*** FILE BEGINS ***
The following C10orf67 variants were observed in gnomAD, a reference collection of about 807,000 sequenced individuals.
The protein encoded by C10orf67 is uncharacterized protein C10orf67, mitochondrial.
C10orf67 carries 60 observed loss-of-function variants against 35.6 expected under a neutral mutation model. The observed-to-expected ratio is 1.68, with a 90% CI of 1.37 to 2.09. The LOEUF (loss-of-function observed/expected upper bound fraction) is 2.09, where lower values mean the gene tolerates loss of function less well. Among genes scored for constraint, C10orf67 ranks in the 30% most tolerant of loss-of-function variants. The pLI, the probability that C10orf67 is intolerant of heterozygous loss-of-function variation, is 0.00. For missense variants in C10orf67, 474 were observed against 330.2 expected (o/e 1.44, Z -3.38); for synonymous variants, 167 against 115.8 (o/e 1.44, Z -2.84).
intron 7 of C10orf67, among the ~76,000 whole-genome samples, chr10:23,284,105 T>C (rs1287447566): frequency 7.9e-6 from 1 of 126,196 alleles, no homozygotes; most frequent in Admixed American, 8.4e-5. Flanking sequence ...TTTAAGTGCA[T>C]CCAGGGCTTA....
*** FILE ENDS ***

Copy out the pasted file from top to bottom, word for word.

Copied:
The following C10orf67 variants were observed in gnomAD, a reference collection of about 807,000 sequenced individuals.
The protein encoded by C10orf67 is uncharacterized protein C10orf67, mitochondrial.
C10orf67 carries 60 observed loss-of-function variants against 35.6 expected under a neutral mutation model. The observed-to-expected ratio is 1.68, with a 90% CI of 1.37 to 2.09. The LOEUF (loss-of-function observed/expected upper bound fraction) is 2.09, where lower values mean the gene tolerates loss of function less well. Among genes scored for constraint, C10orf67 ranks in the 30% most tolerant of loss-of-function variants. The pLI, the probability that C10orf67 is intolerant of heterozygous loss-of-function variation, is 0.00. For missense variants in C10orf67, 474 were observed against 330.2 expected (o/e 1.44, Z -3.38); for synonymous variants, 167 against 115.8 (o/e 1.44, Z -2.84).
intron 7 of C10orf67, among the ~76,000 whole-genome samples, chr10:23,284,105 T>C (rs1287447566): frequency 7.9e-6 from 1 of 126,196 alleles, no homozygotes; most frequent in Admixed American, 8.4e-5. Flanking sequence ...TTTAAGTGCA[T>C]CCAGGGCTTA....